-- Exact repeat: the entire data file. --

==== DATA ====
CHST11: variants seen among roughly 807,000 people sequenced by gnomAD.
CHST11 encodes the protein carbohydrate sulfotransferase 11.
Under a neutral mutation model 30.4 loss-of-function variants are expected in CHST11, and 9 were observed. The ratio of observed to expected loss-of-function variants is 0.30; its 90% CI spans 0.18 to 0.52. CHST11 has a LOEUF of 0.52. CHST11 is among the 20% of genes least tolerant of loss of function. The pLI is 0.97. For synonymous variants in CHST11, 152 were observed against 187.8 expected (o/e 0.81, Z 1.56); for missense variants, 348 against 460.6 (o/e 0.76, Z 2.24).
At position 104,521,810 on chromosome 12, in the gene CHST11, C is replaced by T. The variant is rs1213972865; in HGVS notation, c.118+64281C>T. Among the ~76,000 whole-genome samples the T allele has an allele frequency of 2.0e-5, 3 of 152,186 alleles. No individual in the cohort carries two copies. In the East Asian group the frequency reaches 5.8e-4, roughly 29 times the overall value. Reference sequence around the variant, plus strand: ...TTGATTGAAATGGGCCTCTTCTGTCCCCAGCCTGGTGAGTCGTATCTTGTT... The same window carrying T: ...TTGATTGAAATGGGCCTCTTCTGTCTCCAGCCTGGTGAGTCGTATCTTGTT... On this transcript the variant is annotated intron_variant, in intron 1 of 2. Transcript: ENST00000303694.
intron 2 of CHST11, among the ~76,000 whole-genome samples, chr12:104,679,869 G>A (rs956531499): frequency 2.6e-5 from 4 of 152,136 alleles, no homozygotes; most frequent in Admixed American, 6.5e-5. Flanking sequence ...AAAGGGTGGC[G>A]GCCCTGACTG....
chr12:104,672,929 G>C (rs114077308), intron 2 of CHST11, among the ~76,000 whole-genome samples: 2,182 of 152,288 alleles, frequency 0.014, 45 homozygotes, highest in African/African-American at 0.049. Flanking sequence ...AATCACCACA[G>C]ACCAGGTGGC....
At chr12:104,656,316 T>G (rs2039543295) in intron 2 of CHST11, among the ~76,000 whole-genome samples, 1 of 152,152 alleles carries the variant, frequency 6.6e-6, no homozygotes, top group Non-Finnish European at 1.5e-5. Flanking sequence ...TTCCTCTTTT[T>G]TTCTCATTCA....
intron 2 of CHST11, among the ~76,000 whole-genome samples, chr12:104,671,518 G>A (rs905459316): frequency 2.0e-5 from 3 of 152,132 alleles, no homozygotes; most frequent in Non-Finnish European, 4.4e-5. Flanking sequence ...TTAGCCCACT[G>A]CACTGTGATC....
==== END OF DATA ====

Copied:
CHST11: variants seen among roughly 807,000 people sequenced by gnomAD.
CHST11 encodes the protein carbohydrate sulfotransferase 11.
Under a neutral mutation model 30.4 loss-of-function variants are expected in CHST11, and 9 were observed. The ratio of observed to expected loss-of-function variants is 0.30; its 90% CI spans 0.18 to 0.52. CHST11 has a LOEUF of 0.52. CHST11 is among the 20% of genes least tolerant of loss of function. The pLI is 0.97. For synonymous variants in CHST11, 152 were observed against 187.8 expected (o/e 0.81, Z 1.56); for missense variants, 348 against 460.6 (o/e 0.76, Z 2.24).
At position 104,521,810 on chromosome 12, in the gene CHST11, C is replaced by T. The variant is rs1213972865; in HGVS notation, c.118+64281C>T. Among the ~76,000 whole-genome samples the T allele has an allele frequency of 2.0e-5, 3 of 152,186 alleles. No individual in the cohort carries two copies. In the East Asian group the frequency reaches 5.8e-4, roughly 29 times the overall value. Reference sequence around the variant, plus strand: ...TTGATTGAAATGGGCCTCTTCTGTCCCCAGCCTGGTGAGTCGTATCTTGTT... The same window carrying T: ...TTGATTGAAATGGGCCTCTTCTGTCTCCAGCCTGGTGAGTCGTATCTTGTT... On this transcript the variant is annotated intron_variant, in intron 1 of 2. Transcript: ENST00000303694.
intron 2 of CHST11, among the ~76,000 whole-genome samples, chr12:104,679,869 G>A (rs956531499): frequency 2.6e-5 from 4 of 152,136 alleles, no homozygotes; most frequent in Admixed American, 6.5e-5. Flanking sequence ...AAAGGGTGGC[G>A]GCCCTGACTG....
chr12:104,672,929 G>C (rs114077308), intron 2 of CHST11, among the ~76,000 whole-genome samples: 2,182 of 152,288 alleles, frequency 0.014, 45 homozygotes, highest in African/African-American at 0.049. Flanking sequence ...AATCACCACA[G>C]ACCAGGTGGC....
At chr12:104,656,316 T>G (rs2039543295) in intron 2 of CHST11, among the ~76,000 whole-genome samples, 1 of 152,152 alleles carries the variant, frequency 6.6e-6, no homozygotes, top group Non-Finnish European at 1.5e-5. Flanking sequence ...TTCCTCTTTT[T>G]TTCTCATTCA....
intron 2 of CHST11, among the ~76,000 whole-genome samples, chr12:104,671,518 G>A (rs905459316): frequency 2.0e-5 from 3 of 152,132 alleles, no homozygotes; most frequent in Non-Finnish European, 4.4e-5. Flanking sequence ...TTAGCCCACT[G>A]CACTGTGATC....